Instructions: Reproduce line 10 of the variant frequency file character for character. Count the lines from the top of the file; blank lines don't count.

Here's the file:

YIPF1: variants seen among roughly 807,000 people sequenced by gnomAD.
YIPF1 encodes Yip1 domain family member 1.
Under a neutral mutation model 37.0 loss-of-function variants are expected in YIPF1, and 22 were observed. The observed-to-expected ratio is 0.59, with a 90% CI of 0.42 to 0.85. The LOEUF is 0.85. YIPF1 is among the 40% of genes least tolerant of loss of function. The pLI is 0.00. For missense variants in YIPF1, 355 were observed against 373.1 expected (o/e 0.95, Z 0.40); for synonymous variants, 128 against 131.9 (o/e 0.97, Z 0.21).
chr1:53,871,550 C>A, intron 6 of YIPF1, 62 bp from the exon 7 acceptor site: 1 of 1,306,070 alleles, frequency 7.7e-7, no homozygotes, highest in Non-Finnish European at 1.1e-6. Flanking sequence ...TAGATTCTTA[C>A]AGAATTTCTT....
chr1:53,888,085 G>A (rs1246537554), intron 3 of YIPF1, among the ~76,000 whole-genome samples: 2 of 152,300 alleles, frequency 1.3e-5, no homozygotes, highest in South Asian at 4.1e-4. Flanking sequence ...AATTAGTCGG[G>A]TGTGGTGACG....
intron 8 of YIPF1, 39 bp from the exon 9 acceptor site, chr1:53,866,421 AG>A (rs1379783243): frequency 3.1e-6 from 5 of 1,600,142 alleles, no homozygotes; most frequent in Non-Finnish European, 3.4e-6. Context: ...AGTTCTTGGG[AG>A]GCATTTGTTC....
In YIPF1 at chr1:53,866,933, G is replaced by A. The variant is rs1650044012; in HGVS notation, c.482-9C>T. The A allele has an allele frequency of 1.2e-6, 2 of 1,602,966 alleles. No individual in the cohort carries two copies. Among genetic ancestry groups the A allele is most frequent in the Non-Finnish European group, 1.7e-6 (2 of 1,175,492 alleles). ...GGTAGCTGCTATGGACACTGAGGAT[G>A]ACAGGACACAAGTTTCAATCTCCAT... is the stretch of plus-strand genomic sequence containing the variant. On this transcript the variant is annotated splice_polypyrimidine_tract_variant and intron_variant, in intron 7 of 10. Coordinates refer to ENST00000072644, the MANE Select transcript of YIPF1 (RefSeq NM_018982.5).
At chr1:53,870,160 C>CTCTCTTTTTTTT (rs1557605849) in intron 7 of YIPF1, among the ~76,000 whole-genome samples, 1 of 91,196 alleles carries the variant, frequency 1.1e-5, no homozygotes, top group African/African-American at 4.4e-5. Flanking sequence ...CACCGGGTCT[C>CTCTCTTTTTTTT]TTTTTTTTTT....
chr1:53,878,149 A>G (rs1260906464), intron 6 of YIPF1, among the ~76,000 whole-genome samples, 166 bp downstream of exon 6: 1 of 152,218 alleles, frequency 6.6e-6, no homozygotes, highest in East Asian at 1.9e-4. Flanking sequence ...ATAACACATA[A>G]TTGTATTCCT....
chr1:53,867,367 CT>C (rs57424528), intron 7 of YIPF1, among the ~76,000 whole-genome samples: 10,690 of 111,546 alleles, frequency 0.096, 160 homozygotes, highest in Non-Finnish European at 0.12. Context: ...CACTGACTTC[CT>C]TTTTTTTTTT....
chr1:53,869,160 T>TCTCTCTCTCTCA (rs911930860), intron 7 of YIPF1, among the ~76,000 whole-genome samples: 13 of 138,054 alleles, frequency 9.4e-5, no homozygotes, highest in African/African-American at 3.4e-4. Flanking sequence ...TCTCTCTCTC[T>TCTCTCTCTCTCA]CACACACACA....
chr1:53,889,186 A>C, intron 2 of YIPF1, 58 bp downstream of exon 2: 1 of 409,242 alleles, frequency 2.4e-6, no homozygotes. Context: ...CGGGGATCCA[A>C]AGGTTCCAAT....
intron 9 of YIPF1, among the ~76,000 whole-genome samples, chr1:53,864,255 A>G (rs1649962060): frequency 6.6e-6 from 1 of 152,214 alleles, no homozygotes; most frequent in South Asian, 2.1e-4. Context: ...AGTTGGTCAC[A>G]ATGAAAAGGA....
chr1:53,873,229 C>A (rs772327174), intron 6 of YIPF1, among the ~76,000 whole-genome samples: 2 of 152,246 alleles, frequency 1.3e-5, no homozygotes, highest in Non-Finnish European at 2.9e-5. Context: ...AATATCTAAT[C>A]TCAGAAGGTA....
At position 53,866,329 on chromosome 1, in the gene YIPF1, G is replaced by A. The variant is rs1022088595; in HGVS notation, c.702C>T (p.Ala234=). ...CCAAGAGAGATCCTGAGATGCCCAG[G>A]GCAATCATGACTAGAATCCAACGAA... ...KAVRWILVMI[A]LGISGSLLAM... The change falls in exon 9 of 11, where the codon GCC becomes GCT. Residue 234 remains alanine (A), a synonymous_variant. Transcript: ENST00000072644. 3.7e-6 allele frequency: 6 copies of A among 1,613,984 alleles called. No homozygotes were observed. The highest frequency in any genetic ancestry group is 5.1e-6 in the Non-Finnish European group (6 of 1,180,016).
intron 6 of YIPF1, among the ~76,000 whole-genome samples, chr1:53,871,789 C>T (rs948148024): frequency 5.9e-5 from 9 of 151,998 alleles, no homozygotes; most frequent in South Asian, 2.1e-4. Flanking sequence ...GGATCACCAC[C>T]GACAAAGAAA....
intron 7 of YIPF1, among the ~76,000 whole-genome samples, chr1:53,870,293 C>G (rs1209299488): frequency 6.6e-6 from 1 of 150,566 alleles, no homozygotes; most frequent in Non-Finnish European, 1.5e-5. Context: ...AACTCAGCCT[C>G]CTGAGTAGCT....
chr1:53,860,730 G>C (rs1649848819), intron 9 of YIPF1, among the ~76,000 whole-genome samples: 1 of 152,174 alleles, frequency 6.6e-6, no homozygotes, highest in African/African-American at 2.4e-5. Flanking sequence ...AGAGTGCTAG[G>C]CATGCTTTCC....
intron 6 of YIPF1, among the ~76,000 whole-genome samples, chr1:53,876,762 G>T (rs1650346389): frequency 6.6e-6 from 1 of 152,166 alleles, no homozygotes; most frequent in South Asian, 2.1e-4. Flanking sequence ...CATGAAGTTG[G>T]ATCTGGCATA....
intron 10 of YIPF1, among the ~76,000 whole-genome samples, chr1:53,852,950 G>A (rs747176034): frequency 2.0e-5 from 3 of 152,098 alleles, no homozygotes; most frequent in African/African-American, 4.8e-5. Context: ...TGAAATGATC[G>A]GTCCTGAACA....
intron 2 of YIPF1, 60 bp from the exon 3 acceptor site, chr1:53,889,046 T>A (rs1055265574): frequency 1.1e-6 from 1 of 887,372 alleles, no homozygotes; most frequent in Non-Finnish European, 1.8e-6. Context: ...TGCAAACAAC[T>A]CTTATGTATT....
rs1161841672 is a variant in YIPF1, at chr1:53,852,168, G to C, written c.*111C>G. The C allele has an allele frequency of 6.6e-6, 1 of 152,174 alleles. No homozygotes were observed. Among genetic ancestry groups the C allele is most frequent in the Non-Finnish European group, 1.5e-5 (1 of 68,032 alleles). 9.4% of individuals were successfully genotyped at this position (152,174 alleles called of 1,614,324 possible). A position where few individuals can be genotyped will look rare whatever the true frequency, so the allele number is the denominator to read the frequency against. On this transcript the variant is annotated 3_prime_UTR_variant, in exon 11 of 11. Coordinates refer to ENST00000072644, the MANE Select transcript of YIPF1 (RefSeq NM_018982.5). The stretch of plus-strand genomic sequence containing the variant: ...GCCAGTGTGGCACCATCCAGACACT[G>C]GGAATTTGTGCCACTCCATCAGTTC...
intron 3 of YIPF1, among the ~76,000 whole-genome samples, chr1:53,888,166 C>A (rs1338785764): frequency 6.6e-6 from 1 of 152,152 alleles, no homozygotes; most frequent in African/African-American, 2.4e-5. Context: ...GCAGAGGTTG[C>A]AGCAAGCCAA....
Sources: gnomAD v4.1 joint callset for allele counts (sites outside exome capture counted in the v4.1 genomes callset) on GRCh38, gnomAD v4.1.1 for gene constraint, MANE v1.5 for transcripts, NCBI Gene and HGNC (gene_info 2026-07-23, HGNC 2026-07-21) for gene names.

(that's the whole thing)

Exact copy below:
chr1:53,867,367 CT>C (rs57424528), intron 7 of YIPF1, among the ~76,000 whole-genome samples: 10,690 of 111,546 alleles, frequency 0.096, 160 homozygotes, highest in Non-Finnish European at 0.12. Context: ...CACTGACTTC[CT>C]TTTTTTTTTT....